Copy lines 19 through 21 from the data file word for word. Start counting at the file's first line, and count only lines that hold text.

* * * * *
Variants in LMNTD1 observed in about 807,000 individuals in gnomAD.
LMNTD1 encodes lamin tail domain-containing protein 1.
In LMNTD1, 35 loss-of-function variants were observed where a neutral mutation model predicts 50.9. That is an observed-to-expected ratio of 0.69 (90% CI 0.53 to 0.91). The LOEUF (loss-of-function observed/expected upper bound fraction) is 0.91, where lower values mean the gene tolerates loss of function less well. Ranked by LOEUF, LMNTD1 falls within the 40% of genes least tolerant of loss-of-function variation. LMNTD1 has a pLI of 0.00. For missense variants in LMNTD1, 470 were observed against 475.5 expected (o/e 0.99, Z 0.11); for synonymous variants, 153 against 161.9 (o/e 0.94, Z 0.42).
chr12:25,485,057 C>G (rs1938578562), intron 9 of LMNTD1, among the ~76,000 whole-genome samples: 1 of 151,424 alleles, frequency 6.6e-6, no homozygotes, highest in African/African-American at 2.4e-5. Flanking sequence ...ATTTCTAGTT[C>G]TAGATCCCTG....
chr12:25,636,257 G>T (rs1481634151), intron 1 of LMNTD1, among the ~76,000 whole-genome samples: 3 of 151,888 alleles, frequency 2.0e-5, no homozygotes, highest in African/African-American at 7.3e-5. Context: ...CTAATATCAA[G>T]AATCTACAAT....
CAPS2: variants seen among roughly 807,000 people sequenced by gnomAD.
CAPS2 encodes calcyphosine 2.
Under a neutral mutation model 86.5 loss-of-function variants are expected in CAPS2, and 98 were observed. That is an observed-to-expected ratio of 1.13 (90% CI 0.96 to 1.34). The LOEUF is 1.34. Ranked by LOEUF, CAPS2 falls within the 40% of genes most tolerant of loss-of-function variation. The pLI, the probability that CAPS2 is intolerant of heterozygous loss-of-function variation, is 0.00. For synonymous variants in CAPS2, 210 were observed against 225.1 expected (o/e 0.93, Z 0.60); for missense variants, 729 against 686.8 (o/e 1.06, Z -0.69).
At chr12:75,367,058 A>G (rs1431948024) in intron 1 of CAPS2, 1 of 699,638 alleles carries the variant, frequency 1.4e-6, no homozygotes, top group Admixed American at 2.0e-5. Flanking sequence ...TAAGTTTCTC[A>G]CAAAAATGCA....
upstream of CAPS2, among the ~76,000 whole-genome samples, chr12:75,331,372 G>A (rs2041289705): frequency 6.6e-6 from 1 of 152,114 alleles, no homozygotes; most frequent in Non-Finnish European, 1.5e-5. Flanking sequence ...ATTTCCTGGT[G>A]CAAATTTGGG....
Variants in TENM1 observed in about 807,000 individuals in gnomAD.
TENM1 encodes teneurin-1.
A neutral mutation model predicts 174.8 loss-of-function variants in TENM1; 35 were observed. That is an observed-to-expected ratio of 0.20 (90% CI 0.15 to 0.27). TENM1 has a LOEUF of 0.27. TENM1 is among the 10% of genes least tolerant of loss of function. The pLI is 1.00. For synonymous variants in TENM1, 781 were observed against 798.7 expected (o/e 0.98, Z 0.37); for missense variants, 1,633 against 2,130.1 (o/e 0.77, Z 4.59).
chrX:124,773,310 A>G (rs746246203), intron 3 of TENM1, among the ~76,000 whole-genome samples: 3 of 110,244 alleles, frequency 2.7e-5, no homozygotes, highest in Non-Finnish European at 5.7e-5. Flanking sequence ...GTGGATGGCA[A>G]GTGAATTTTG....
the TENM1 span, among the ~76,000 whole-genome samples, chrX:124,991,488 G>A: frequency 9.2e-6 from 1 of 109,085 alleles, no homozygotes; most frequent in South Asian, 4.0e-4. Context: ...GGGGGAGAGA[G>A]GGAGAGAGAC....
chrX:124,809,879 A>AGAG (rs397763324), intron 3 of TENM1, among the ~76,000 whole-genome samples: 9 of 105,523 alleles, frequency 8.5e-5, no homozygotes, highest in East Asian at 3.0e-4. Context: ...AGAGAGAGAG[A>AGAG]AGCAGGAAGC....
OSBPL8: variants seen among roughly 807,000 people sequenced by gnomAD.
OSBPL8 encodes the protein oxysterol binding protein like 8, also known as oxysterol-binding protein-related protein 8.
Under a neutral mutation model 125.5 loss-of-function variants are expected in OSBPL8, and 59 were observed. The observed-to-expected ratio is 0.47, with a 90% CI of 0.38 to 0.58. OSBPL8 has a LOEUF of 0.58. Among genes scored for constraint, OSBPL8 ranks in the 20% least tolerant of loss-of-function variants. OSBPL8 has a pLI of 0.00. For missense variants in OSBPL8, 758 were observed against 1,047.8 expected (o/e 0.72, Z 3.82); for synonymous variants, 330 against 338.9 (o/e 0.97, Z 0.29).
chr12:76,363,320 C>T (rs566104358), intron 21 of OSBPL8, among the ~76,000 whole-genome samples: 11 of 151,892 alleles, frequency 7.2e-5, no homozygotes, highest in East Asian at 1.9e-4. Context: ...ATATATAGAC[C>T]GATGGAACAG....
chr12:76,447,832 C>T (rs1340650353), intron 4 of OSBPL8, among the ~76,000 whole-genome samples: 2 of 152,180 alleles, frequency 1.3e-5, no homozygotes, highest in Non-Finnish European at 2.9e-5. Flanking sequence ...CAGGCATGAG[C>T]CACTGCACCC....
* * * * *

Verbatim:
Under a neutral mutation model 125.5 loss-of-function variants are expected in OSBPL8, and 59 were observed. The observed-to-expected ratio is 0.47, with a 90% CI of 0.38 to 0.58. OSBPL8 has a LOEUF of 0.58. Among genes scored for constraint, OSBPL8 ranks in the 20% least tolerant of loss-of-function variants. OSBPL8 has a pLI of 0.00. For missense variants in OSBPL8, 758 were observed against 1,047.8 expected (o/e 0.72, Z 3.82); for synonymous variants, 330 against 338.9 (o/e 0.97, Z 0.29).
chr12:76,363,320 C>T (rs566104358), intron 21 of OSBPL8, among the ~76,000 whole-genome samples: 11 of 151,892 alleles, frequency 7.2e-5, no homozygotes, highest in East Asian at 1.9e-4. Context: ...ATATATAGAC[C>T]GATGGAACAG....
chr12:76,447,832 C>T (rs1340650353), intron 4 of OSBPL8, among the ~76,000 whole-genome samples: 2 of 152,180 alleles, frequency 1.3e-5, no homozygotes, highest in Non-Finnish European at 2.9e-5. Flanking sequence ...CAGGCATGAG[C>T]CACTGCACCC....